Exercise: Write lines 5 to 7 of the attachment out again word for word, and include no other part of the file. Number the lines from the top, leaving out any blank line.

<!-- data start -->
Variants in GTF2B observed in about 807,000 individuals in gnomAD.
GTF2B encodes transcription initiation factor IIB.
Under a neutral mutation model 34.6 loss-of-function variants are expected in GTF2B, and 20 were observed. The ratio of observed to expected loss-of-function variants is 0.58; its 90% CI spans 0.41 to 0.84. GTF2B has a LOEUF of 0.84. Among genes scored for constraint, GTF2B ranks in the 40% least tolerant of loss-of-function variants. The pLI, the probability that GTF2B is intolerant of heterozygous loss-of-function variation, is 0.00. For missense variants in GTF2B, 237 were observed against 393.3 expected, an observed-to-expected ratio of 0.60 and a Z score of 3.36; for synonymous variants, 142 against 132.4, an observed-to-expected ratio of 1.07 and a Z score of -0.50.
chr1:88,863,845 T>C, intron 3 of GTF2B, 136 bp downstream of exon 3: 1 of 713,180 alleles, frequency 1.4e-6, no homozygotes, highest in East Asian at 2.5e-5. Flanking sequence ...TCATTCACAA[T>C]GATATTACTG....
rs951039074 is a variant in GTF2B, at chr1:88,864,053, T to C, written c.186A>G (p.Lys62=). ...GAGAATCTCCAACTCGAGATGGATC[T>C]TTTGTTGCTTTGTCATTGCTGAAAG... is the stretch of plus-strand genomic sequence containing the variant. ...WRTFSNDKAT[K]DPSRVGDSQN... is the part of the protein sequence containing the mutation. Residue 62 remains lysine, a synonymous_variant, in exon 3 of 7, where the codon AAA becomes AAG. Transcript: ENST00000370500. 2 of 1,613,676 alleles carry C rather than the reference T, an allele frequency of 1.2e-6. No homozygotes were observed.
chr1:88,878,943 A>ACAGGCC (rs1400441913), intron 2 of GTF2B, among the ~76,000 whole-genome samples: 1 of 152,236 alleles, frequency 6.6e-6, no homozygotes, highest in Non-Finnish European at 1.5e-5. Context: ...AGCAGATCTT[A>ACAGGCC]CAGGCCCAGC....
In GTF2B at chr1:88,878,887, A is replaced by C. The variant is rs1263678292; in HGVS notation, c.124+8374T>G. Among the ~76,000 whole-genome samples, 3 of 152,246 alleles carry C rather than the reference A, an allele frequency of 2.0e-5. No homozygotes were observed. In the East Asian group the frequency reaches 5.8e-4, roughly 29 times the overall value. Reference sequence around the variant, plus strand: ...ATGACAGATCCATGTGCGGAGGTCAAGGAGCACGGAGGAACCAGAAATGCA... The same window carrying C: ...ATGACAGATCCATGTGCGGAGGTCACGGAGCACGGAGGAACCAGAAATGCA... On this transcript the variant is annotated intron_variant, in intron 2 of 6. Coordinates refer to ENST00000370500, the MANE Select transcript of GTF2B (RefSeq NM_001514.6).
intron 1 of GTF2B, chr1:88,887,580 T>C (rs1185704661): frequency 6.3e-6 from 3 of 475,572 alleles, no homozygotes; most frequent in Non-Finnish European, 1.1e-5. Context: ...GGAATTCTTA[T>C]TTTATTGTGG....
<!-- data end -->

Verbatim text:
rs951039074 is a variant in GTF2B, at chr1:88,864,053, T to C, written c.186A>G (p.Lys62=). ...GAGAATCTCCAACTCGAGATGGATC[T>C]TTTGTTGCTTTGTCATTGCTGAAAG... is the stretch of plus-strand genomic sequence containing the variant. ...WRTFSNDKAT[K]DPSRVGDSQN... is the part of the protein sequence containing the mutation. Residue 62 remains lysine, a synonymous_variant, in exon 3 of 7, where the codon AAA becomes AAG. Transcript: ENST00000370500. 2 of 1,613,676 alleles carry C rather than the reference T, an allele frequency of 1.2e-6. No homozygotes were observed.
chr1:88,878,943 A>ACAGGCC (rs1400441913), intron 2 of GTF2B, among the ~76,000 whole-genome samples: 1 of 152,236 alleles, frequency 6.6e-6, no homozygotes, highest in Non-Finnish European at 1.5e-5. Context: ...AGCAGATCTT[A>ACAGGCC]CAGGCCCAGC....
In GTF2B at chr1:88,878,887, A is replaced by C. The variant is rs1263678292; in HGVS notation, c.124+8374T>G. Among the ~76,000 whole-genome samples, 3 of 152,246 alleles carry C rather than the reference A, an allele frequency of 2.0e-5. No homozygotes were observed. In the East Asian group the frequency reaches 5.8e-4, roughly 29 times the overall value. Reference sequence around the variant, plus strand: ...ATGACAGATCCATGTGCGGAGGTCAAGGAGCACGGAGGAACCAGAAATGCA... The same window carrying C: ...ATGACAGATCCATGTGCGGAGGTCACGGAGCACGGAGGAACCAGAAATGCA... On this transcript the variant is annotated intron_variant, in intron 2 of 6. Coordinates refer to ENST00000370500, the MANE Select transcript of GTF2B (RefSeq NM_001514.6).